Build Evergreen Assets. If you’re taking care of your customer, you’re probably meeting quarterly to review their IT. Hopefully you’re also giving them guidance. During the initial sale you also had to review their business and create some sort of proposal.
However, building everything from scratch is destined to fail. The cost of customization is high, and the likelihood of messing up is high too…Better to productize your offerings…here’s how.
First, you should be selling packaged offerings. There’s your core MSP offering, and then there are add-ons (like riders on an insurance policy). However, when you buy a car, those extras are often bundled into packages. The electronics package with the stereo upgrades. By doing this the dealer eliminates the headache of creating a completing customized quote.
In this case you need at least one (but probably more) security package…one that can be added to their existing MSP agreement (if someone else holds that contract), or attached to yours (now or later).
There’s also a maturity model…if you were to create a maturity roadmap for security, when your new customer joined your program, you would figure out where they are right now, and begin taking them through your 24 step program…certain mail pieces, meetings, assessments, and sales efforts would be made along the way – all predetermined.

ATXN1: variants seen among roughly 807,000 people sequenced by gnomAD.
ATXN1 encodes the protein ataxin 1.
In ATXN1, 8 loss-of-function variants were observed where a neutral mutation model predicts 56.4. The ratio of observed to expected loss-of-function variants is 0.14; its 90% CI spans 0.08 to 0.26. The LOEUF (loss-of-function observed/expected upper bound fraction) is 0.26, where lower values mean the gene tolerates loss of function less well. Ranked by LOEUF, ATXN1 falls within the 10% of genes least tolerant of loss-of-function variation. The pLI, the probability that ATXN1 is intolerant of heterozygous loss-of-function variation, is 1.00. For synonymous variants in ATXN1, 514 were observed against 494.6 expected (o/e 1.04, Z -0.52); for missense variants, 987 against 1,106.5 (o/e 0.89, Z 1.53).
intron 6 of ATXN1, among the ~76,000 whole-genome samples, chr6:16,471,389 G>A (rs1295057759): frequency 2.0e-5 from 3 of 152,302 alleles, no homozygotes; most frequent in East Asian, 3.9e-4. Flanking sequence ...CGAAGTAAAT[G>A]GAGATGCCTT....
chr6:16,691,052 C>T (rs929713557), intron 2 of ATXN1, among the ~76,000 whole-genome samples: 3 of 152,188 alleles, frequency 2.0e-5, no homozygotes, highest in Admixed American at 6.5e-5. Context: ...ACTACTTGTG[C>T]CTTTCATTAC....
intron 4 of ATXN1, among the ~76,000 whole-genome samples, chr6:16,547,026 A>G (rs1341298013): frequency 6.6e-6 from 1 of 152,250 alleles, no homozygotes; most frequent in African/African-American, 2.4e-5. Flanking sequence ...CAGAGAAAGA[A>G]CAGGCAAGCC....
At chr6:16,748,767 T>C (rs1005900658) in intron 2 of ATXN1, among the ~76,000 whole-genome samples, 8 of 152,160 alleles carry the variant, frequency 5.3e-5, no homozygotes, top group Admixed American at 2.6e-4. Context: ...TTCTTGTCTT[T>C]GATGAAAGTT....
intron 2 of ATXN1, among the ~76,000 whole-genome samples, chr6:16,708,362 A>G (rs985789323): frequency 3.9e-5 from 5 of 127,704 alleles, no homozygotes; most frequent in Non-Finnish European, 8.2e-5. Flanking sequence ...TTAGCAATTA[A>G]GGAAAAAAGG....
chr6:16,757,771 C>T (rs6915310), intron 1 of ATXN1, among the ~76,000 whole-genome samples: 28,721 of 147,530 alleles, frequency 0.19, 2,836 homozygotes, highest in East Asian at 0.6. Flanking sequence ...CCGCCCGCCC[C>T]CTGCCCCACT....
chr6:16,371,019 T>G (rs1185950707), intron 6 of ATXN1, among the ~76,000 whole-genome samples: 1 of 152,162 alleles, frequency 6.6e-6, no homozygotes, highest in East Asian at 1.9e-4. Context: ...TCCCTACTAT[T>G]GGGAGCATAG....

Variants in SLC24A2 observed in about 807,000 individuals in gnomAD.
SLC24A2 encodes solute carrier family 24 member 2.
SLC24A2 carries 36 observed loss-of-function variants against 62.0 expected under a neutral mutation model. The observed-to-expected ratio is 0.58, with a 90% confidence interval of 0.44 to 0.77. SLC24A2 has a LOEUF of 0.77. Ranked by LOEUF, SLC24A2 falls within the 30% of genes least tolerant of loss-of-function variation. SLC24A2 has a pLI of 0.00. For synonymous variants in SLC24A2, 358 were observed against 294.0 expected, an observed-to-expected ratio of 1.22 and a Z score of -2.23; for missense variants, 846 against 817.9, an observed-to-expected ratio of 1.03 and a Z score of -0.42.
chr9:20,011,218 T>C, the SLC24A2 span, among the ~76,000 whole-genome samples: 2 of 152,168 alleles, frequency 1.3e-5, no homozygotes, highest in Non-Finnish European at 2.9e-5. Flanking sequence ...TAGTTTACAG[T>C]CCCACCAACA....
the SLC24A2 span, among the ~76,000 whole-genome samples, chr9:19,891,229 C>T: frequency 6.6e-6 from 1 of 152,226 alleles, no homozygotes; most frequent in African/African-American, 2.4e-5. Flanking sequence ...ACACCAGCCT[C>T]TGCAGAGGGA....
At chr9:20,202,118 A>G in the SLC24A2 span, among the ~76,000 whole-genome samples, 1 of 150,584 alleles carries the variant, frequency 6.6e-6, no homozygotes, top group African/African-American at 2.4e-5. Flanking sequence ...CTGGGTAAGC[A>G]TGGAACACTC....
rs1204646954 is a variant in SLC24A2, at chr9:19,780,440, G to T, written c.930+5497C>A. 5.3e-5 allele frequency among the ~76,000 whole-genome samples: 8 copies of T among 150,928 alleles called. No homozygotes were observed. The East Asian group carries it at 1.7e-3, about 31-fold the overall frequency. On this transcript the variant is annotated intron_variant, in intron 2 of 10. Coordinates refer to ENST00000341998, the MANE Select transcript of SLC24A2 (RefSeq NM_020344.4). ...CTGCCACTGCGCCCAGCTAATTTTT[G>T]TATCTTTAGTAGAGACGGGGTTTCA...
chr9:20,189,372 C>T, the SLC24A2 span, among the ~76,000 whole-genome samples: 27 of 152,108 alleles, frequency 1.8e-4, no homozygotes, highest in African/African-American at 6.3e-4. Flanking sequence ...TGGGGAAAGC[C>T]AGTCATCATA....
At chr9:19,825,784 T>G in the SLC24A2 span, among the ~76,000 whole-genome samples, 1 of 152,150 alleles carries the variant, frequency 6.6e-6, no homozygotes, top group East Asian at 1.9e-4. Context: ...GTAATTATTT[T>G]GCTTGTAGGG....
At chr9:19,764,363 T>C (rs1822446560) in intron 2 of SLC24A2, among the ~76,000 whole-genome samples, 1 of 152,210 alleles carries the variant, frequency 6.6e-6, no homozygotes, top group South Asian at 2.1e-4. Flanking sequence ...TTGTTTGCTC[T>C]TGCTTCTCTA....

Building Identity. Customer loyalty is also a key to sustainability. Not everyone will be loyal, but the hotel and airline industries, as well as Amazon and Starbucks, have all proven that people will join the club if you sell it the right way.
It turns out identity (the people group, brand, or team I identify with) will drive my behavior faster than just about anything else. I’m a lifetime platinum member of Marriott…when it’s time for coffee, I’m waiting in line at Starbucks in the airport, even though there’s a coffee shop right across the hall with no wait. Why?
I’m part of the club. I identify myself as a Starbucks customer, I stay at Marriott unless there just isn’t one…and I’m not the only one. If you’re sitting there telling yourself you don’t do that, remember, you’re not you’re own customer…you want to sell to people who will sign on with a brand and stay.
Sell to The Right People. There is a people group out there worth your time…but there are also people not worth selling to.